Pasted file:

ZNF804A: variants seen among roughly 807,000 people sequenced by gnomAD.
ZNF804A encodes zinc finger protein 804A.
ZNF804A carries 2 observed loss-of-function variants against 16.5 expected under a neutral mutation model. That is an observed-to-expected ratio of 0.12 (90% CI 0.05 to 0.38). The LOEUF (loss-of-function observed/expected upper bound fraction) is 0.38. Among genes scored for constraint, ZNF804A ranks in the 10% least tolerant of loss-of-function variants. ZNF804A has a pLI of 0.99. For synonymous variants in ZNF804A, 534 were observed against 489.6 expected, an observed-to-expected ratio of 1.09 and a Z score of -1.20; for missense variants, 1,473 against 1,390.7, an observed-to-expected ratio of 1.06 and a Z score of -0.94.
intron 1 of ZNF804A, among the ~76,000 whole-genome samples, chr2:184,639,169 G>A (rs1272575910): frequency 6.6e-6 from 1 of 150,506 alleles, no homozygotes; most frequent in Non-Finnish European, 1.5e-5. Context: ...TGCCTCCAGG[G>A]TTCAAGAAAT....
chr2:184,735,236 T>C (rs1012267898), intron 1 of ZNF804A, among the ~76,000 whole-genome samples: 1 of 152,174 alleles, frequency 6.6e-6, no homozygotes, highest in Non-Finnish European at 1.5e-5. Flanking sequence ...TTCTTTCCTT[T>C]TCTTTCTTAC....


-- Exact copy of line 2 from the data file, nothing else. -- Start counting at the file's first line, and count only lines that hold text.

ZNF804A encodes zinc finger protein 804A.